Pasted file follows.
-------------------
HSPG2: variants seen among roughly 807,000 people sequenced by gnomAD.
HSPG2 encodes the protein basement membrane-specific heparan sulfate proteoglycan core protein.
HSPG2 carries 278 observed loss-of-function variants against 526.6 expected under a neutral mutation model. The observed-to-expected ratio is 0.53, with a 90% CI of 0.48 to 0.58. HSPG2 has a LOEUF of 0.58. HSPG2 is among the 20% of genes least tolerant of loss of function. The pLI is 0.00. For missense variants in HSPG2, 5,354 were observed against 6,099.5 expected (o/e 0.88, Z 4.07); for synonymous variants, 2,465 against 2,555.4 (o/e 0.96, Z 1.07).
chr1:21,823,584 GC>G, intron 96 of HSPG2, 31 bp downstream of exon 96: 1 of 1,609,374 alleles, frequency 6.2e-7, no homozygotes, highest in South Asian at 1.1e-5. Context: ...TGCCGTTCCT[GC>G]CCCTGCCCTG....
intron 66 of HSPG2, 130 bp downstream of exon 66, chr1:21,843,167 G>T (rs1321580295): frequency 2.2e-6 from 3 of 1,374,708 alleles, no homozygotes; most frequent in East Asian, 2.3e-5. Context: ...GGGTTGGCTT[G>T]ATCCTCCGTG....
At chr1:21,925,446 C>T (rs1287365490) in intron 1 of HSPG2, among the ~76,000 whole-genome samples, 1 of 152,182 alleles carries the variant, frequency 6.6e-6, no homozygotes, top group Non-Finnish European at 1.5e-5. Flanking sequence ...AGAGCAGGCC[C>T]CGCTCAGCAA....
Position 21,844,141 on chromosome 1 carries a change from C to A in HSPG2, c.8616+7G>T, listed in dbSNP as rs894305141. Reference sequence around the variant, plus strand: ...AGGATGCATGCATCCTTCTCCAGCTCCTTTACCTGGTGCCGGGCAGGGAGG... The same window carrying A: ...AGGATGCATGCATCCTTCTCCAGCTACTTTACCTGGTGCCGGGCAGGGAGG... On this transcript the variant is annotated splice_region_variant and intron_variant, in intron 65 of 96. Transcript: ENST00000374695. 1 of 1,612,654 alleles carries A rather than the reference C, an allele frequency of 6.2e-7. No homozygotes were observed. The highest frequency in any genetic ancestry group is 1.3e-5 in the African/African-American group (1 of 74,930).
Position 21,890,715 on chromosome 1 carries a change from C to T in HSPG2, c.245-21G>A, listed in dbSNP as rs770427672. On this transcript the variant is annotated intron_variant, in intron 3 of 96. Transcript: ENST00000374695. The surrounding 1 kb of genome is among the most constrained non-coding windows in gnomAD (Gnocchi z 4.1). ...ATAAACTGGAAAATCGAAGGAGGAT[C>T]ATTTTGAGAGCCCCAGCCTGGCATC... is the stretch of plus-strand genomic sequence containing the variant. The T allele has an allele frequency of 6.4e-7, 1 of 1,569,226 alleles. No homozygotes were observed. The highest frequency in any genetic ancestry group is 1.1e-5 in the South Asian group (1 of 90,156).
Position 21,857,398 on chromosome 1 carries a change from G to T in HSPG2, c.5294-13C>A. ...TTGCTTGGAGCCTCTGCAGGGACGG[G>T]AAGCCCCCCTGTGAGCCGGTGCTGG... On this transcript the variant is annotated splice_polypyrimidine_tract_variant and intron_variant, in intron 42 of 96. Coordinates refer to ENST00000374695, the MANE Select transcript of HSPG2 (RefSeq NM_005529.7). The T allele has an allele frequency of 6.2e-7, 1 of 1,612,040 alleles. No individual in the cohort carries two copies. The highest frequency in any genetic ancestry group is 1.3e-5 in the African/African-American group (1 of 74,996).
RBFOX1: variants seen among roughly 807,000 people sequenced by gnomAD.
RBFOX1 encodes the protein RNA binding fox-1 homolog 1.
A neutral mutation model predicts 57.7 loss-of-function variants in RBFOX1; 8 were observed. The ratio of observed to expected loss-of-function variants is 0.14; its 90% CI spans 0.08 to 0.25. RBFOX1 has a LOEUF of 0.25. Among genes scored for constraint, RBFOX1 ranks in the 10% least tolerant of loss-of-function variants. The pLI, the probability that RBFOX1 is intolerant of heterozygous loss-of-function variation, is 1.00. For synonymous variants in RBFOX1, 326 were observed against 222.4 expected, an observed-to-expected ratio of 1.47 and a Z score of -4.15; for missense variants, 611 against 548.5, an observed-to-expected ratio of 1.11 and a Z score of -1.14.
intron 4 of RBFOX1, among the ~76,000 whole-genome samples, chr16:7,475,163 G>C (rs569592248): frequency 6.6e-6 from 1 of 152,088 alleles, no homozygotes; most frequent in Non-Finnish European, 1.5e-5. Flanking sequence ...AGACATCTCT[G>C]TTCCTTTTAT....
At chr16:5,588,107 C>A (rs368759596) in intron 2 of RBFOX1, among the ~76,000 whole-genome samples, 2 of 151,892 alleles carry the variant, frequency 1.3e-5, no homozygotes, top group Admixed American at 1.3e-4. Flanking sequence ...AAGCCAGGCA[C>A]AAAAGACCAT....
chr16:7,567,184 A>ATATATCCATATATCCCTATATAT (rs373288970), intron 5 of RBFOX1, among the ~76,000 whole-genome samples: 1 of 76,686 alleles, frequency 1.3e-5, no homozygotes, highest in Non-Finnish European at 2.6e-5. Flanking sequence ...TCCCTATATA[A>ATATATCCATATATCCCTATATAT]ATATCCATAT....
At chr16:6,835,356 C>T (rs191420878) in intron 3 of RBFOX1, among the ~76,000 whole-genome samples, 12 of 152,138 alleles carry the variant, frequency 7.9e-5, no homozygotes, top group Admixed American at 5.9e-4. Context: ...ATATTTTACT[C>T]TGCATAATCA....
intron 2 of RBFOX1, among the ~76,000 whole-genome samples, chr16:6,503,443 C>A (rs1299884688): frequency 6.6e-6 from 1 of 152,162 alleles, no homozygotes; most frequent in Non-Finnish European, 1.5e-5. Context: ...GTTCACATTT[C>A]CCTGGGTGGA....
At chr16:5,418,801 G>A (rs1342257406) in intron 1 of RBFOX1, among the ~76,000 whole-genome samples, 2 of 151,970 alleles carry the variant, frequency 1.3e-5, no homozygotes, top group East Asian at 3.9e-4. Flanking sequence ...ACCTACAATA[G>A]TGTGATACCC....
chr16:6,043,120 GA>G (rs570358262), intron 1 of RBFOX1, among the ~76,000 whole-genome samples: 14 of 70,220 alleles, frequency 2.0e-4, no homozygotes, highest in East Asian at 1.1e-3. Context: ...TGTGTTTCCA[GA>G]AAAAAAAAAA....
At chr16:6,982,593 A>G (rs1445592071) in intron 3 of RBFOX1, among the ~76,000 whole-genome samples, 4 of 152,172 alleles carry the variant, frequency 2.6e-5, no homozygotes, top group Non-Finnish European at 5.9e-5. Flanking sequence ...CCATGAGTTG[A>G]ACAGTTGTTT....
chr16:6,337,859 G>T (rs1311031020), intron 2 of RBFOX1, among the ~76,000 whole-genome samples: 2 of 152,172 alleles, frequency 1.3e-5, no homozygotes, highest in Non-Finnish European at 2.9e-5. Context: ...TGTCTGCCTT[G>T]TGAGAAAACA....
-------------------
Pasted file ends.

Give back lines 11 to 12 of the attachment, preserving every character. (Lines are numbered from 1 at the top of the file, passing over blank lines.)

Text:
RBFOX1 encodes the protein RNA binding fox-1 homolog 1.
A neutral mutation model predicts 57.7 loss-of-function variants in RBFOX1; 8 were observed. The ratio of observed to expected loss-of-function variants is 0.14; its 90% CI spans 0.08 to 0.25. RBFOX1 has a LOEUF of 0.25. Among genes scored for constraint, RBFOX1 ranks in the 10% least tolerant of loss-of-function variants. The pLI, the probability that RBFOX1 is intolerant of heterozygous loss-of-function variation, is 1.00. For synonymous variants in RBFOX1, 326 were observed against 222.4 expected, an observed-to-expected ratio of 1.47 and a Z score of -4.15; for missense variants, 611 against 548.5, an observed-to-expected ratio of 1.11 and a Z score of -1.14.